The book suggests a much more varied, rich, and bizarre English cuisine than the stereotype allows, listing native plants and garden plants that were once widely consumed but now are forgotten (e.g., few people make sea holly toffee anymore, or gather cowslips or English laver or maidenhair ferns and know how they were combined with dozens of other herbs and flavorings); describing fuels, hearths/ovens, and other kitchen technologies, not to mention food sources, that were altered or lost in the Industrial Revolution and in times of war (how much of English cooking survived WWII and rationing?); and, most of all, stressing a regional view of English food: peat fires v. coal, different pasture for different breeds of cow, cultivated fruits v. wild, and the type and quality of flour grown in a region all change the cuisine ("We expect the last dish of sucking pig will be served in Gloucestershire"). So if you're into Slow Food, food history, or just English plain cookery, you'll find a lot of great stuff here and might get some questions answered. (Since I was 10 and read Jane Eyre, I've been trying to picture the "sago" Grace Poole ate for supper in the attic. What the hell was it? Now I have 3 recipes.) One complaint: the lack of footnotes and sources.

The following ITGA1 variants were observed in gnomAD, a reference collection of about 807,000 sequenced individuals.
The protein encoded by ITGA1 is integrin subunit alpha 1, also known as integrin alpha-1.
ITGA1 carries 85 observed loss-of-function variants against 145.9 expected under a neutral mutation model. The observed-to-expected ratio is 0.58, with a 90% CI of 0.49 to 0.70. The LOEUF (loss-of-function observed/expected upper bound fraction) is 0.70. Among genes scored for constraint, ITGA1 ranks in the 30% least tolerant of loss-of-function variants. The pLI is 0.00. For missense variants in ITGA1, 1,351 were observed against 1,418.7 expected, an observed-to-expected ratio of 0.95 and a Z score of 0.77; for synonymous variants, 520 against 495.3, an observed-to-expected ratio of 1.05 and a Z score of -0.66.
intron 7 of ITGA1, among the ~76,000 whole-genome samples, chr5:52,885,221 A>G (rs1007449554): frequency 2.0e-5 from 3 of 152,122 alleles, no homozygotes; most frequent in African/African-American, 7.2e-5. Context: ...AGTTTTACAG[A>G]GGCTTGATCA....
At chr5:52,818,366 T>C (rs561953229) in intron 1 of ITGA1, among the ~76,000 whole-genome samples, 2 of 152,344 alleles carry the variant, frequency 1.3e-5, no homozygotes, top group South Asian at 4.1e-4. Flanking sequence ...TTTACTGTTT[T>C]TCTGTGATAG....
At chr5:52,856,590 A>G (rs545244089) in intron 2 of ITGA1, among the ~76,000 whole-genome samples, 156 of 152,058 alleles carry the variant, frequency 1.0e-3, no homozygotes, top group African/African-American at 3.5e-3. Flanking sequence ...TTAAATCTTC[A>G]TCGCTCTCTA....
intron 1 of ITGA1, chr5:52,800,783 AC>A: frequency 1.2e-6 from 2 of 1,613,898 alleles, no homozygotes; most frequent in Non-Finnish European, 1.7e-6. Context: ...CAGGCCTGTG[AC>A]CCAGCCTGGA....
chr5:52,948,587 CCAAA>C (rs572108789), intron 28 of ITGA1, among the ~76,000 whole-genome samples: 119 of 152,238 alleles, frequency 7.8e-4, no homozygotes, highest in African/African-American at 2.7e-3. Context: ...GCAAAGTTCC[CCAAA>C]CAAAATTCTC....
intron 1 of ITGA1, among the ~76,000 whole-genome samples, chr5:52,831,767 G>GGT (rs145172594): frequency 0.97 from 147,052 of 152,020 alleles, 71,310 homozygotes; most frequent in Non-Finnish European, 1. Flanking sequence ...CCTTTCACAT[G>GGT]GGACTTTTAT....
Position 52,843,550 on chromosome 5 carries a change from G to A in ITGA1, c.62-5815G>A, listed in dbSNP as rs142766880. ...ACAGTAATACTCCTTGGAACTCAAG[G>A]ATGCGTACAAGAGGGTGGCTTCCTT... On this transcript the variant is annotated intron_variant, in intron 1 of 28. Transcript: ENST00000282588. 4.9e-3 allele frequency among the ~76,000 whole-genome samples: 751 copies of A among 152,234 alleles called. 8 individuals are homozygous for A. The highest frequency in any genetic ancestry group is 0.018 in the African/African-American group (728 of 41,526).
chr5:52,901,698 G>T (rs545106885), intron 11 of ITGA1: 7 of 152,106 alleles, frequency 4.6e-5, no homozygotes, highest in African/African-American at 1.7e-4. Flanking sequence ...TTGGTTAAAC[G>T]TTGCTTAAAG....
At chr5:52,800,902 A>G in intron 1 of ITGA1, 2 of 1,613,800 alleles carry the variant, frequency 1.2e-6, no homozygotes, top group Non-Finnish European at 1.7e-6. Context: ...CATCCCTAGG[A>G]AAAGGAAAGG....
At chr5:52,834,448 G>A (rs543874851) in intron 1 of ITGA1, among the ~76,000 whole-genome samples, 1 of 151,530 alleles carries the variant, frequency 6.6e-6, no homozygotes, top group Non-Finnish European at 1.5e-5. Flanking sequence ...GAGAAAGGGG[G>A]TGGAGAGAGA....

Hartley's tone is generally calm and didactic; she waxes enthusiastic over certain flavors, and is strict about good and bad food preparation. But once in a while she really lets go; under the heading "Hedgehog," she gets so emotional she has to put a sentence in all-italics: "[H:]edgehogs are completely harmless, and do an enormous amount of good in the fields and gardens by devouring snails and slugs. They become very tame, especially in dry weather, when they are glad of water. They are very fond of bread and milk, which trait has caused them to be accused of stealing it from cows--a complete fallacy. They also eat fallen fruit in the orchard, and are credited with rolling in it in order to carry it off on their backs. Thousands of these harmless little Furze-pigs are run over by motorists on the roadways at night; they do not bolt when frightened, but roll up, lie still, and are crushed to death. No one should harm a hedgehog."